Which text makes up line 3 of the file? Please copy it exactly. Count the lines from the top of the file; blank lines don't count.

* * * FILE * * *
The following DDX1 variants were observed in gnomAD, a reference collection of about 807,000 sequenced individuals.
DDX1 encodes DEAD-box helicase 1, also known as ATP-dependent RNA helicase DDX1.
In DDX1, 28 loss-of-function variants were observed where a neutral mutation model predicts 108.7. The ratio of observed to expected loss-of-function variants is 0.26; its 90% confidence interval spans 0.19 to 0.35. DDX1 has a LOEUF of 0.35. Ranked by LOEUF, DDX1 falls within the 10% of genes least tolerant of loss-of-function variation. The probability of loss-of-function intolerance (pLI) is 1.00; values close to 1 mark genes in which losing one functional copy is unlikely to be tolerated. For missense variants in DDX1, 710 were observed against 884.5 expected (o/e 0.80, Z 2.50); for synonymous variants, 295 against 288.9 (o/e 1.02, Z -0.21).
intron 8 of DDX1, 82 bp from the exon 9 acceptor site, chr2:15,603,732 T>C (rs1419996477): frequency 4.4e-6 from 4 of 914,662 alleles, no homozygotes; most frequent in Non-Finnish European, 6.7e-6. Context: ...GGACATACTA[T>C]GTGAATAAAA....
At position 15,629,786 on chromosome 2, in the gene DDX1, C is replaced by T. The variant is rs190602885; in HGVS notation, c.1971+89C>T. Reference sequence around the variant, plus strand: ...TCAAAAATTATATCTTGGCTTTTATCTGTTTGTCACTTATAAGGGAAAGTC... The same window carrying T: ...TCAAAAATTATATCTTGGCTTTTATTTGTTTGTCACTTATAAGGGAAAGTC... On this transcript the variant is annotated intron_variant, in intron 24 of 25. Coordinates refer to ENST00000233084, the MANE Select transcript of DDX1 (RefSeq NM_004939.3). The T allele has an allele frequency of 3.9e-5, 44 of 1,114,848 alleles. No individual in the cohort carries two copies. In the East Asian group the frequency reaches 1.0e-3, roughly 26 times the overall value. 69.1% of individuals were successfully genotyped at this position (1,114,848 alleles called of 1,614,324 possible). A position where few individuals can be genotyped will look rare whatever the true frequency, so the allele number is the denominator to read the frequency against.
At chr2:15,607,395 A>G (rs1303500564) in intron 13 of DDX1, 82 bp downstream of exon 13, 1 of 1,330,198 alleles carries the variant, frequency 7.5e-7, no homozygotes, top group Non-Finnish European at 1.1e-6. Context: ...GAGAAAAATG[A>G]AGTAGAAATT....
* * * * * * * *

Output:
In DDX1, 28 loss-of-function variants were observed where a neutral mutation model predicts 108.7. The ratio of observed to expected loss-of-function variants is 0.26; its 90% confidence interval spans 0.19 to 0.35. DDX1 has a LOEUF of 0.35. Ranked by LOEUF, DDX1 falls within the 10% of genes least tolerant of loss-of-function variation. The probability of loss-of-function intolerance (pLI) is 1.00; values close to 1 mark genes in which losing one functional copy is unlikely to be tolerated. For missense variants in DDX1, 710 were observed against 884.5 expected (o/e 0.80, Z 2.50); for synonymous variants, 295 against 288.9 (o/e 1.02, Z -0.21).